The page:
Updated! Now includes my notes from the whole day.


My day job is working as a Business Analyst for the Government Digital Service. As part of that I’m currently at an event called Stack Maps where my colleague Simon Everest (@simoneverest) has brought together interested parties from across government to discuss the present and future of using geospatial data in government.

This morning’s session has been really good with presentations from the Land Registry, the CAPD service and Ordnance Survey. This was followed by a good Q&A with many good questions and responses (hello @psd).

These are my notes from this morning:

  • Is the first sensible thing to do to create and publish a list of existing government services that use geospatial data? Then ask departments to add services that are currently in their roadmaps.
  • Does it make sense to start cross-referencing the user needs for these services (or transactional services in general) to see where the commonalities fall out? How about using Maslow to collect user needs for transactional services the same way it is used for pages on GOV.UK?
  • There are existing communities, for example around the Ordnance Survey mapping platform, but should there be a cross-government, technology independent, community of interest? Sounds like a discussion with the government Community Manager James Cattell (@jacattell) could be one of the next things to do.
  • Appeals from the floor not to have “one giant system” to do everything – don’t recreate INSPIRE.
  • Everyone is talking about open source and open data – excellent! Both the Land Registry and the CAPD project will open source their code as part of the GDS Digital by Default standard.
  • For example the CAPD folks have created a mapping-specific extension to the standard UX templates for GOV.UK.
  • Open data is very important but it depends very much on the quality of the data. The Ordnance Survey chap had a slide with a mug that had the ODI certificate levels on it – that’s a very good start.
  • Several people have mentioned frequently policy changes being a real bugbear for their service. It would be very good for more people to be exposed to the Product Catalogue software component from the Visit Visas exemplar which addresses that issue directly.
  • There are a number of interesting questions about how Assisted Digital and Digital Inclusion fit into these type of services. Not much discussion of that yet here. The AD team at GDS should be a key part of any new community of interest.
  • The OS demo project “Sprite” looked interesting (mapping lots of open data onto their platform). Can’t find a link though…
  • It obviously makes sense for each transactional service that encompasses a set of user needs to have their own process. The interesting question is what kind of platform(s) should be on GOV.UK for folks who are just looking for data on a map. The Environment Agency WIYBY (What’s in Your Back Yard) service provides something like that but by using well formatted, regularly updated open data a platform could be built on GOV.UK to enable people to specify a very wide range of things to plot on a single map. Is that a sensible solution? Perhaps one for the workshops later on today :-).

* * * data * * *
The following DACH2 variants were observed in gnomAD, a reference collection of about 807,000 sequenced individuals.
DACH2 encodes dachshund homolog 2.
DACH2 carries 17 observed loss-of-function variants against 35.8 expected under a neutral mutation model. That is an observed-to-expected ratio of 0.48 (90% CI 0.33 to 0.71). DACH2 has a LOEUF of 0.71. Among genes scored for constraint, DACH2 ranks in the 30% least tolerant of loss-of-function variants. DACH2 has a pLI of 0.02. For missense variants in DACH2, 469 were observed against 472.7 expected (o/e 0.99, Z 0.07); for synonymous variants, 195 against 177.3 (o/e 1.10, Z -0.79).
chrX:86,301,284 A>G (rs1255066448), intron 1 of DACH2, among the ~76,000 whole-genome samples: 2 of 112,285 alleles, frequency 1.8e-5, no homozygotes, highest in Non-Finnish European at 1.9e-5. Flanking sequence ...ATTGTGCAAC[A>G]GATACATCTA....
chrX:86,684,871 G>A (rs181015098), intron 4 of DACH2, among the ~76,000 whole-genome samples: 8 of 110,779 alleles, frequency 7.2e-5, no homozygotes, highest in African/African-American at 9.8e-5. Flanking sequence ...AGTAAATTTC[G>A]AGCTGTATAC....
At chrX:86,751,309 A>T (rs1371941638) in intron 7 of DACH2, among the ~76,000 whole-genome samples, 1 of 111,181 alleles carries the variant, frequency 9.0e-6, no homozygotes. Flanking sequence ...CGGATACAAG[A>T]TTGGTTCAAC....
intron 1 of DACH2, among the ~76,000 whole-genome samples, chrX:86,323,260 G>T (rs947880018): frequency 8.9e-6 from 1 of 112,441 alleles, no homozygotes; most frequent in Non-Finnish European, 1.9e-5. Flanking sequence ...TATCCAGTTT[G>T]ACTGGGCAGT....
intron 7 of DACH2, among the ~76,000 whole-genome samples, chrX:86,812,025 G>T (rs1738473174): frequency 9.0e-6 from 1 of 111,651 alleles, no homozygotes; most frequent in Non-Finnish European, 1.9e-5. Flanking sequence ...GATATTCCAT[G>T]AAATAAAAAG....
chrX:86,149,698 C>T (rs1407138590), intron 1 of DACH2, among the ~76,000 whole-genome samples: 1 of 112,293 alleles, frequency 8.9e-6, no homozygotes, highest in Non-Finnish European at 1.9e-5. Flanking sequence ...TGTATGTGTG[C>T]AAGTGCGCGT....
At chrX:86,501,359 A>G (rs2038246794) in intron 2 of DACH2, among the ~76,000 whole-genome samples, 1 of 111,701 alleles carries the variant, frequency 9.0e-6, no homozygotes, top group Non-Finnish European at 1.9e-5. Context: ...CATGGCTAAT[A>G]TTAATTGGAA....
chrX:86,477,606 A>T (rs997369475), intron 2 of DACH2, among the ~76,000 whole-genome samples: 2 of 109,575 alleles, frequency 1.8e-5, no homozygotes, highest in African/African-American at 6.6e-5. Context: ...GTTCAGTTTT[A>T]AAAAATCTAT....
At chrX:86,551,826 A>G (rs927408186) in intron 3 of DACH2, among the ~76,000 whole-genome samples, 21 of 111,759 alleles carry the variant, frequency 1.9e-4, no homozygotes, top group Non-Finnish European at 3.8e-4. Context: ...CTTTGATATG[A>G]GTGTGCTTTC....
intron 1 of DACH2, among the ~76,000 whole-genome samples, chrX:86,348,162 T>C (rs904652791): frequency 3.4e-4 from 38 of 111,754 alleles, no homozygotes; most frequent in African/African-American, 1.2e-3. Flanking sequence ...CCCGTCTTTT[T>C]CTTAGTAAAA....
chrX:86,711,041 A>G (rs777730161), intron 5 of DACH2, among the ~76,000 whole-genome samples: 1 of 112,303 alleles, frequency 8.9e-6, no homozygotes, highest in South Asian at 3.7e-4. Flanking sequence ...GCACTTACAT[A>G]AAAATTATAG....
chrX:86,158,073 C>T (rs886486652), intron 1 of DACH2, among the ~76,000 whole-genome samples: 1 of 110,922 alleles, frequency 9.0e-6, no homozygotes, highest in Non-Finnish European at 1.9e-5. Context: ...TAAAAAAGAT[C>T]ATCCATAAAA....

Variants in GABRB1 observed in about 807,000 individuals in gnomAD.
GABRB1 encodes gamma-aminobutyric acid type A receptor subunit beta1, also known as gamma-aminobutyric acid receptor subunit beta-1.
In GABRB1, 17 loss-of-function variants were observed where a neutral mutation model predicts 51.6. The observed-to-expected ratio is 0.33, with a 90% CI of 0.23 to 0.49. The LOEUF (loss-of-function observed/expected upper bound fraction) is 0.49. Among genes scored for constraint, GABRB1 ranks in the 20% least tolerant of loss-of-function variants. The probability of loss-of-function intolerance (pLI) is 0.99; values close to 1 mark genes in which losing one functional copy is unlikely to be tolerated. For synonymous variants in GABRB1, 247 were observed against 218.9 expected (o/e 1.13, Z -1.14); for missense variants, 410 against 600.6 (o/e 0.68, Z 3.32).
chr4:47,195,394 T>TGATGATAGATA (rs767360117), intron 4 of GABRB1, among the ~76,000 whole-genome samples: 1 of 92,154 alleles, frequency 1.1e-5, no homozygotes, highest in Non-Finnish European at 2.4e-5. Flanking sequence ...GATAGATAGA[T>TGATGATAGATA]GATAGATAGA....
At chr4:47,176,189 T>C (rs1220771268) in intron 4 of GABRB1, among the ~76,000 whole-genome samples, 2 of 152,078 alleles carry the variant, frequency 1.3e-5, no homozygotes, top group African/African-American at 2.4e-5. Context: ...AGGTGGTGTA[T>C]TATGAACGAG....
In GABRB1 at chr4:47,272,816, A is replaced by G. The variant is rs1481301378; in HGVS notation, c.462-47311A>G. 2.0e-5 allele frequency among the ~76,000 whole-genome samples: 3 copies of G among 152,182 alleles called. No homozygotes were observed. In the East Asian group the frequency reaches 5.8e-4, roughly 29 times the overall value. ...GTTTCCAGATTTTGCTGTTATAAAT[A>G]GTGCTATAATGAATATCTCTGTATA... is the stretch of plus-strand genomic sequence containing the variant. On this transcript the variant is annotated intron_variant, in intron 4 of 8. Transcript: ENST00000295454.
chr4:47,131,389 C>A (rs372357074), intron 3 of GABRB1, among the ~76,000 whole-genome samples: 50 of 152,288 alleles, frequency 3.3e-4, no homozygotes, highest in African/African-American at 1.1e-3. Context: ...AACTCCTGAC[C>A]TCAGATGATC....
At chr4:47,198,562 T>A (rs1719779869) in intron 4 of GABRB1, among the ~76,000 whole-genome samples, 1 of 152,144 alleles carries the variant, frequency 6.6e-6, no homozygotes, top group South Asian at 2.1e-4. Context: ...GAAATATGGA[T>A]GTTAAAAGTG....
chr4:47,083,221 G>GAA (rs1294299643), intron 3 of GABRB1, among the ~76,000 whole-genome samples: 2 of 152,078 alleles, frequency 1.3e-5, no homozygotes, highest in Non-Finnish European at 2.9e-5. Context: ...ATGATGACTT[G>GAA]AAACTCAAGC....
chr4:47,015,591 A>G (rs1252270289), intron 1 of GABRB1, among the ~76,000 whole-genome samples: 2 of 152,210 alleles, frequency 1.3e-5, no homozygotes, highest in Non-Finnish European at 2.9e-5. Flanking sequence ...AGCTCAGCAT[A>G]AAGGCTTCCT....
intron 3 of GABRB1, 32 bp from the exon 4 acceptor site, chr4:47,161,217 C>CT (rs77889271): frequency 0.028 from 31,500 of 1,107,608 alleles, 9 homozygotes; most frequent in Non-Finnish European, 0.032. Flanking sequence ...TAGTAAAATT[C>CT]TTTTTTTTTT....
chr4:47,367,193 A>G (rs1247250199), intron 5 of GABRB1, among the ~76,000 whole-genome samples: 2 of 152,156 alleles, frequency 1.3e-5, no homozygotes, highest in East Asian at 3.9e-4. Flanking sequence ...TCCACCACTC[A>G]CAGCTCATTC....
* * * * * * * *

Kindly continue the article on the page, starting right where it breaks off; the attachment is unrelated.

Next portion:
These are my notes from this afternoon:

  • Plenty of discussion around responsibility of code, apis or data provided by one department and used by another. Working with open source code. Working with non-guaranteed-accurate data.
  • Questions about how to write a business case for a service when a significant amount of the value is to be gained by reuse in the future by organisations in different departments
  • A much wider problem of the various open data sets currently and soon to be on data.gov.uk and whether they can be combined to de-anonymise people.
  • The chap presenting from Ordnance Survey said he would happily come and present at GDS. Perhaps a slot at the all-hands – along with Simon giving feedback on Stack Maps and subsequent actions?
  • Given the imminent updating of the GDS Service Manual to use the GOV.UK publishing platform and the assigning of each section to have its own content manager, it sounds like an excellent opportunity to have a section on mapping – *cough*Simon*cough*. Sections in that could include:
  • ** How to join the new “mapping service delivery” community
  • ** A list of existing communities (Royal Geographic Society, Environmental Science to Service Partnership, etc) 
  • ** Pointers to sub-communities of interest (emergency alerting based on area?, property based?, commercial?, etc)
  • ** A list of national and local government read-only and transactional services that use maps or location data
  • ** A list of their user needs to draw out commonalities (see comment above about Maslow)
  • ** A pointer to open geospatial data on data.gov.uk
  • ** Best practice case studies
  • However – in this case there’s also a need for a place to store data that can’t be made fully open:
  • ** Details of geospatial datasets created by government transactional services that may be useful in other ones but can’t be made open data
  • ** A list of mapping related cross-government digital architecture between various services

The main take-away though was that people really wanted to get plugged into existing cross-government GDS communities (Service Managers, TAs, WebOps, User Research, Front End Designers, etc). I need to speak to Simon to ensure the participants are informed how to do that…